The Semiotic Function and the Genesis of Pictorial Meaning

The Semiotic Function and the Genesis of Pictorial Meaning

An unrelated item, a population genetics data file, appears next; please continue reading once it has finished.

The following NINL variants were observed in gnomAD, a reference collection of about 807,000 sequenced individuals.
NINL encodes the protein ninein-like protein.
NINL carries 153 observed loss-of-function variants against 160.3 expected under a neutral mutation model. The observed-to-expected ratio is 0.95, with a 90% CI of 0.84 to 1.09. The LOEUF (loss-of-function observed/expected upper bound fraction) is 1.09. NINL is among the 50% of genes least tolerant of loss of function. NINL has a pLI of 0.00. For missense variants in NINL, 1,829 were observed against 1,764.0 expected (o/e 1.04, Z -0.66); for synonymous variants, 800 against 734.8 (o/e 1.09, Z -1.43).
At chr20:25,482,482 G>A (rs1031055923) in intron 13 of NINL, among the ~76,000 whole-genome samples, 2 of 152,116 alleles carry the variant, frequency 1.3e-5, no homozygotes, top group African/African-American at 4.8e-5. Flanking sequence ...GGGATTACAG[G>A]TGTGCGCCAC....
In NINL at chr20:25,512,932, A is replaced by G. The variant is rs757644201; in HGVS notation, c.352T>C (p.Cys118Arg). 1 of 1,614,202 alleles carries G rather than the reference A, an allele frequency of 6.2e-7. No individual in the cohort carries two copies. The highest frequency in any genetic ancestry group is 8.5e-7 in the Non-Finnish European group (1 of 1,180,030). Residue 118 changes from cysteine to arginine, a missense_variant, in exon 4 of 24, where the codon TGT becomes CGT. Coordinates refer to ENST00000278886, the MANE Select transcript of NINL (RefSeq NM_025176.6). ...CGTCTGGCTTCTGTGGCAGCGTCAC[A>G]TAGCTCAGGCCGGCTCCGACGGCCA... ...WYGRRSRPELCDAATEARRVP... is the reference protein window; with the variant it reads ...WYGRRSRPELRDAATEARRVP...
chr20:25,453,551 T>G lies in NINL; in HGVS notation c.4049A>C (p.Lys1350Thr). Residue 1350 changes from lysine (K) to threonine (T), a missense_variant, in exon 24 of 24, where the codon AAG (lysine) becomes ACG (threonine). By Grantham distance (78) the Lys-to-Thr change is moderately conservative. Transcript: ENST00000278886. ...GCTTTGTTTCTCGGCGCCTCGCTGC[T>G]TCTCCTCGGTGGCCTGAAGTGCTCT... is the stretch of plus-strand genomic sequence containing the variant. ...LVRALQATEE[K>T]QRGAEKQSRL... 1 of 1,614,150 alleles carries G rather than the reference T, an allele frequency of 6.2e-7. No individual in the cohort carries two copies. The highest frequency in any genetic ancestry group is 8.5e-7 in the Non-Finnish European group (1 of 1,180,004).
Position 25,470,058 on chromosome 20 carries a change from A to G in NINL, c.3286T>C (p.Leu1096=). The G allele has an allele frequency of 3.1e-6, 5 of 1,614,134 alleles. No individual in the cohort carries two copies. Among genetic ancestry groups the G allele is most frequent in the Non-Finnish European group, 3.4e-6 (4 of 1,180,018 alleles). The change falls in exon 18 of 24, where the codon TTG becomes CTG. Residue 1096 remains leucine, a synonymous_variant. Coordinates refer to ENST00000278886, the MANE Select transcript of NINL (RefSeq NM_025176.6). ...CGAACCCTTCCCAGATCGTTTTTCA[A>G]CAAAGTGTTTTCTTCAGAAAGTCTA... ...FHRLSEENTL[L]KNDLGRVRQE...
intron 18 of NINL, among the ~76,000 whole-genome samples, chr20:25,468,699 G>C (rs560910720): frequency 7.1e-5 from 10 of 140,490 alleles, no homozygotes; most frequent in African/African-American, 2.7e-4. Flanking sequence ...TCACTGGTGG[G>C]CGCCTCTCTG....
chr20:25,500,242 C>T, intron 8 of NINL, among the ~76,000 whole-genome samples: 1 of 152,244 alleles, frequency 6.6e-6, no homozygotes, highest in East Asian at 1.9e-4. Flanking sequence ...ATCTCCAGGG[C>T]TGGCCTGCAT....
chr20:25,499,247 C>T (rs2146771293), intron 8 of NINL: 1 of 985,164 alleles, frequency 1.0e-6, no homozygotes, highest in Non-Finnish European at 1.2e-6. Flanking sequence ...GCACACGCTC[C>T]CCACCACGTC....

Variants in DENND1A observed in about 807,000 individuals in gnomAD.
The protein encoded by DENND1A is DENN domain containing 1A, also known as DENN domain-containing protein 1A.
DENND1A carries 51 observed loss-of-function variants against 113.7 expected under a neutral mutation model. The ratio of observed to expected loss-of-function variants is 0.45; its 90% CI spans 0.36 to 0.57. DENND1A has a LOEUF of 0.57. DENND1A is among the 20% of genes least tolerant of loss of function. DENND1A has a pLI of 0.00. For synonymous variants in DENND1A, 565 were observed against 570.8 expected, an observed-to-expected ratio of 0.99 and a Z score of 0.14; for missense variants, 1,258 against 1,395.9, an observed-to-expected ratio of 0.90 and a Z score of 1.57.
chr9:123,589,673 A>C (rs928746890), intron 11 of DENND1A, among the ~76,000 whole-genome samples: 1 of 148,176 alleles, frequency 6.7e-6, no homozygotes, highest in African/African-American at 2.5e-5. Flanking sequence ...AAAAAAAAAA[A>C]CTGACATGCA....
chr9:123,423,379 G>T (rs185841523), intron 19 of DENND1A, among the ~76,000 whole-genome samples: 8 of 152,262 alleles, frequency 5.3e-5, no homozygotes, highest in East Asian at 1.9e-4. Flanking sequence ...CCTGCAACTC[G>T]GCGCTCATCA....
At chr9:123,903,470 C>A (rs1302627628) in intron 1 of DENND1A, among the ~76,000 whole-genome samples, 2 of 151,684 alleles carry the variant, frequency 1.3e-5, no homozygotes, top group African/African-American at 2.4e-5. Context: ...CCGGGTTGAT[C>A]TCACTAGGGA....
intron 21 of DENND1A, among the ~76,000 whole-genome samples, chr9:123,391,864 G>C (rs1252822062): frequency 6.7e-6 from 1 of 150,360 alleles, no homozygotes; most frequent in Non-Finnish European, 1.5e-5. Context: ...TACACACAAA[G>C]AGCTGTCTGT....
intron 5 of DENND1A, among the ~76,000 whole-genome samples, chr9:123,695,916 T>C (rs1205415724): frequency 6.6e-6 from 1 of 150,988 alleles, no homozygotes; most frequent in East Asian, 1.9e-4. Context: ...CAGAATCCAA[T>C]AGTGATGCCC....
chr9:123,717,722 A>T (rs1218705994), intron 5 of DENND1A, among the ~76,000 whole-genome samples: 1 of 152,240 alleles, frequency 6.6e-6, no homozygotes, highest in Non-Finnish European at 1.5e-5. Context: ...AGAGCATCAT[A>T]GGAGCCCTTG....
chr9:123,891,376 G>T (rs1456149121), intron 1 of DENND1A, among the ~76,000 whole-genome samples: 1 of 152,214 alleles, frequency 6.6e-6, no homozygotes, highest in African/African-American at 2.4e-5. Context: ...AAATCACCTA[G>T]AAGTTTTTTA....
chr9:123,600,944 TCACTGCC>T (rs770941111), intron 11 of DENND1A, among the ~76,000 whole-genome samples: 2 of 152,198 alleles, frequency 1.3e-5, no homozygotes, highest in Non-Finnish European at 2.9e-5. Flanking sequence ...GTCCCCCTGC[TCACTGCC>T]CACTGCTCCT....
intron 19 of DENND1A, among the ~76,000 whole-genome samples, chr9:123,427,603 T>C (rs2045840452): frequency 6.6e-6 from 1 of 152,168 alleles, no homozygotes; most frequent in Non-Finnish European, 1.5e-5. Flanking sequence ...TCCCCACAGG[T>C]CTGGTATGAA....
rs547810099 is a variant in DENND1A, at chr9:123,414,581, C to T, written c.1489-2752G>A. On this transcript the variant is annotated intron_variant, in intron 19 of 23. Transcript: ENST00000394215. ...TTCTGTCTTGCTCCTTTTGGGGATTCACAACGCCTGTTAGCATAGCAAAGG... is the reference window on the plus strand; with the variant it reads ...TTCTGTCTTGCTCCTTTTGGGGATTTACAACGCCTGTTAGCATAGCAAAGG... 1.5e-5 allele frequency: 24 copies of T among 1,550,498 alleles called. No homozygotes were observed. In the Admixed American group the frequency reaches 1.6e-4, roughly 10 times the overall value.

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  GÖRAN SONESSON: The semiotic function and the genesis of pictorial meaning 1 The semiotic function and the genesis of pictorial meaning Göran Sonesson In Tarasti, Eero, ed.,Center/Periphery in representations and institutions. Proceedings from the 3rd Annual Meeting andCongress of The International Semiotics Insitute, Imatra, Finland, July 16-21, 1990.: International Semiotics Institute,Imatra 1992; ss 211-256. One way of approaching the subject matter of semiotics may be to consider what is implied by the notionof semiotic function. There are two classical contexts for the use of this phrase. One is found in the workof the linguist and proto-semiotician Louis Hjelmslev writing in the forties. To him, the semiotic functionsimply means that any sign must involve an expression serving as vehicle for a content. But as soon as welook a little closer into his notion of sign, things start out to be very complicated, so it will be moreconvenient to begin at the other end. The second classical locus appears spread out all other the numerouswritings of the cognitive psychologist Jean Piaget. Therefore, we will first attend to Piaget, his admirersand critics, to both of which I happen to belong. But before we can begin to deepen our insights intosemiotics by way of a discussion of the semiotic function, something must be said, in rough outline, andat a more abstract level, about semiotics in general and pictorial semiotics in particular. On semiotics in general and pictorial semiotics in particular According to Ferdinand de Saussure, one of its reputed initiators, semiotics (or semiology as he calledit) was to study “the life of signs in society”; and the second mythical founding-father, Charles SandersPeirce, as well as his forerunner John Locke, conceived of semiotics as being the “doctrine of signs”.Later in life, however, Peirce come to prefer the wider term “mediation” as a description of the subjectmatter of semiotics (cf. Parmentier 1985). And Saussure actually argued that in the semiotic sciences,there was no object to be studied except for the point of view which we adopt on other objects (seeSonesson 1989a,I.1.4.). More recently, Greimas has rejected the notion of sign, and his followersFloch (1984a) and Thürlemann (1982a: 1990) have argued the case in the domain of pictorial semiotics.In a similar fashion, Umberto Eco (1976), at the end of his tortuous critique of iconicity, substituted thenotion of sign process for the traditional sign concept.The sign, then (synonymous, it would appear so far, with the semiotic function), is not comprehensiveenough to delimit the field of semiotics: rather, the domain of semiotics is meaning (or “mediation”), insome wider, yet to be specified sense. But since everything, or almost everything, may be endowedwith meaning, we must insist that if any object whatsoever (or almost) may enter into the domain of semiotics, then this is so only to the extent that it is studied precisely as far as its capacity for conveyingmeaning is concerned.Nor should we adopt the popular preconception, according to which the semiotic field is inhabitedsimply by the followers of Peirce and Saussure. In the first place, there would be no reason (more than  The semiotic function and the genesis of pictorial meaning: GÖRAN SONESSON2 a superficial terminological coincidence) to amalgamate two such dissimilar doctrines as those repre-sented by the elaborate but fragmentary philosophy of Peirce, and the marginal, if suggestive, annota-tions of Saussure. But, more importantly, in adopting this point of view, we would be unable to ac-count, not only for the semiotical work accomplished well before the time of our two cultural heroes,be it that of the stoics, Augustin, the scholastics, Locke, Leibniz, or the ideologues, but also for muchof contemporary semiotics, some parts of which are not particularly indebted to any of the forefathers.Some of the complexities of semiotic history may be grasped from figure 1. Fig. 1. Fragments of semiotic history The point of view of semiotics may be applied to any phenomenon produced by the human race (orperhaps we should say, more broadly, which srcinates in the animal kingdom). This point of viewconsists, in Saussurean terms, in an investigation of the point of view itself, which is equivalent, inPeircean terms, to the study of mediation. In other words, semiotics is concerned with the differentforms and conformations given to the means through which humankind believe itself to have access to“the world”. It tries to emulate the point of view of humankind itself (and of its different fractions), butit must also go beyond it, to explain the workings of such operative, albeit tacit, knowledge whichunderlies the behaviour of all culture-bearing human groups. Moreover, semiotics takes an interest inthese phenomena in their qualitative aspects rather than the quantitative ones, and it is geared to rulesand regularities, instead of unique objects. It is not restricted to any single method, but is known tohave used analysis of concrete texts as well as classical experimental technique and imaginary varia-tion reminiscent of the one found in philosophy. Moreover, it is not dependant on a model taken overfrom linguistics, as is often believed, although it remains a peculiarity of the approach to construct  GÖRAN SONESSON: The semiotic function and the genesis of pictorial meaning 3 models which then guide its practitioners in their effort to bring about adequate analyses, instead of simply relying on the power of the “innocent eye”, as is usual in the human sciences. After havingborrowed its models from linguistics, philosophy, medicine, and mathematics, semiotics is now well onits way to the elaboration of its proper models.Semiotics has a long history, mainly as a part of other disciplines; and, of course, meaning continues to bediscussed, even today, inside most of the human and social sciences. The creation of a particular disci-pline, centred around the notion of meaning, and often, but not always, termed semiotics or semiology,has been announced many times in history, but its career has been episodic, until the recent period. It isonly during the last thirty years that semiotics has gained a large following and, more importantly, enteredthe domain of hard institutional facts. In recent years, research institutes, national and international asso-ciations, revues, congresses, and so on, seem to be springing up everywhere. Eco (1977) has rightlyobserved that the emergence, in our time, of semiotics as a particular discipline must be at least partiallydue to the present profusion of mass-media and other means of communication. It should be added,however, that as a result of these secondary or tertiary layers of mediation which have recently accrued toour everyday experience, we have been forced to realise how deeply mediated is also our ordinary,unreflected life in the unquestioned, sociocultural, Lifeworld (cf. Sonesson 1987c: 1990a).You will undoubtedly have noted the similarity of the preceding account to the one which could begiven of artificial intelligence and, more broadly, cognitive science. There is at the present time aremarkable convergence between the two disciplines, with an incipient interest for the other domainbeing noticeable on both sides, and some practitioners being ascribed to both camps. In his closingstatement, at the meeting of the International Semiotics Institute in Imatra in July 1990, ThomasSebeok suggested that cognitive science was simply semiotics with money. I would add, however, thatsemiotics is cognitive science with additional intellectual sophistication. Marcelo Dascal (1978; 1983)once suggested that artificial intelligence could have avoided many of its errors and confusions bystudying the history of semiotics, including the proto-history of the 17th and 18th centuries. Indeed, Iwill argue that the wide and vague use of such terms as “sign” and “symbol” current in present-daycognitive science (for instance, Johnson-Laird 1988) is precisely the same at that found in medievalsemiotics, before the semiotic function was isolated as particular instance.However, I do not want to claim that semiotics has nothing to learn from cognitive science. It may learnfrom computer science how to make its models more explicit. And it certainly has to absorb a lot of factual knowledge and some notions of theory from cognitive psychology and the psychology of per-ception. The latter is particularly true of pictorial semiotics. No doubt, pictorial semiotics may be saidto take its srcin from a small article by Roland Barthes, written in 1964, in which a analysis of apublicity picture boosting the delights of Panzani spaghetti is attempted, using a few ill-understoodlinguistic terms taken over from Saussure and Hjelmslev (cf. Sonesson 1989a,II.1). Since then, thefield has has been flourishing, with the most important contributions having been made so far, to mymind, by Floch and Thürlemann of the Greimas school, by the Belgian Groupe µ, and by FernandeSaint-Martin and her followers in Canada (cf. fig 2.) Last year, a review specialized in pictorial semioticsbegan to be published, and the International Association of Visual Semiotics (of which I happen to beone of the initiators) was founded in Blois, France.At is present stage, however, pictorial semiotics may well have less in common with Barthes’ Panzanianalysis than with .that “linguistics of the visual image” invoked by the art historian E.H. Gombrich,or that “science of depiction” called for by the psychologist James Gibson; as well as with the studiesof pictorial meaning initiated in philosophy by, for instance, Edmund Husserl, Ludwig Wittgenstein,Nelson Goodman, and Richard Wollheim. The most relevant reference, however, as will be seen shortly,  The semiotic function and the genesis of pictorial meaning: GÖRAN SONESSON4 may well be that to Gibson, who, together with such disciples and colleagues as Julian Hochberg, JohnKennedy, and Margaret Hagen, has started to elaborate a psychology of picture perception. – butpsycholinguistics cannot do without linguistics, and, by the same token, we need to establish a moregeneral, theoretical, framework for the study of the picture sign (cf. Sonesson 1989a).Yet another preliminary consideration has to be made at this point. Many exponents of contemporarysemiotics, like those assembled around A.J. Greimas in France, claims that semiotics must be a pure, orautonomous science, such as was once the ideal of structural linguistics. Other researchers, notably inthe United States, tend to look upon semiotics as merely a meeting-place of many different sciences, akind of interdisciplinary framework common to the humanities and the social sciences, including, onsome accounts, biology and neurology..The point of view taken here, and applied in my book, isdifferent from both these approaches: I will take the results of all disciplines involved with the samesubject matter (that is, in the present case, with pictures) to be relevant to semiotics, but only once theyhave been reviewed, redefined and complemented from a specifically semiotic viewpoint.Pictorial semiotics, we shall take it, is that part of the science of signification which is particularlyconcerned to understand the nature and specificity of such meanings (or vehicles of meaning) whichare colloquially identified by the term “picture”. Thus, the assignments of such a speciality must in-volve, at the very least, a demonstration of the semiotic character of pictures, as well as a study of thepeculiarities which differentiate pictorial meanings from other kinds of signification, and a assessmentof the ways (from some or other point of view) in which pictorial meanings are apt to differ from eachother while still remaining pictorial in kind. In differentiating pictorial meaning form other meanings,we should in fact be particularly interested in knowing how they are distinguished from other kinds of  Fig. 2. Context of pictorial semiotics  GÖRAN SONESSON: The semiotic function and the genesis of pictorial meaning 5 visual signification, such as sculpture, architecture, gesture, and even writing; or how they differ fromother iconic signs, that its, from other signs motivated by similarity or identity. And the further analysisof the picture category may lead on to the tasks of characterizing photography and drawing, the adver-tisement picture and the art picture, the picture post card and the poster.In order to elucidate some of these issues, we will now turn to the semiotic function as conceived byPiaget, and ask to what extent, and in what way, it is embodied in the picture. The semiotic function according to Piaget To Piaget, the semiotic function (which, in the early writings, was less adequately termed the symbolicfunction) is a capacity acquired by the child at around 18 to 24 months of age, which enables him toimitate something outside the direct presence of the model, to use language, make drawings, play “sym-bolically”, and have access to mental imagery and memory..The common factor underlying all thesephenomena, according to Piaget, is the ability to represent reality by means of a signifier which is distinctfrom the signified. Indeed, Piaget argues that the child’s experience of meaning antedates the semioticfunction, but that is does not then suppose a differentiation of signifier and signified in the sign.In the numerous passages in which he introduces this notion of semiotic function, Piaget goes on topoint out that “indices” and “signals” obviously are possible long before the age of 18 months, but thenthey do not really suppose any differentiation between expression and content. The signifier of theindex is, Piaget says, “an objective aspect of the signified”; thus, for instance, the visible butt of analmost entirely hidden object is the signifier of the object for the baby; and the tracks in the snow standfor the prey to the hunter, just as any effect stands for its cause. But when the child uses a pebble tosignify candy, he is well aware of the difference between them, which implies, as Piaget tells us, “adifferentiation, from the subject’s own point of view, between the signifier and the signified”.Piaget is, I believe, quite right in distinguishing the manifestation of the semiotic function from otherways of “connecting significations”, to employ his own terms. Nevertheless, it is important to note thatwhile the signifier of the index is said to be an objective aspect of the signifier, we are told that in thesign and the symbol (i.e. in Piaget’s terminology, the conventional and the motivated variant of thesemiotic function, respectively) expression and content are differentiated form the point of view of thesubject. We could actually imagine this same child that in Piaget’s example uses a pebble to stand fora piece of candy have recourse instead to a feather in order to represent a bird, without thereforeconfusing the feather and the bird: then the child would be using the feature, which is objectively a partof the bird, while differentiating the former form the latter from his point of view. Only then would hebe using an index, in the sense in which this term is employed (our should be employed) in semiotics.And obviously the hunter, who has recourse to the tracks to identify the animal, and to find out whichdirection is has followed, and who does this in order to catch the animal, does not, in his construal of thesign, confuse the tracks with the animal itself, in which case he would be satisfied with the former.Both the child in our example and the hunter are using indices, or indexical signs. On the other hand,the child and the adult will fail to differentiate the perceptual adumbration in which he has access to theobject from the object itself; indeed, they will identify them, as least until they decide to change theirperspective and approach the object from another vantage point. And at least the adult will consider abranch jutting out behind a wall as something which is non-differentiated from the tree, to use Piaget’sexample, in the rather different sense of being a proper part of it. Although we will return later toconsider the precise nature of the indexical sign, it will be convenient to note, at this point, that an index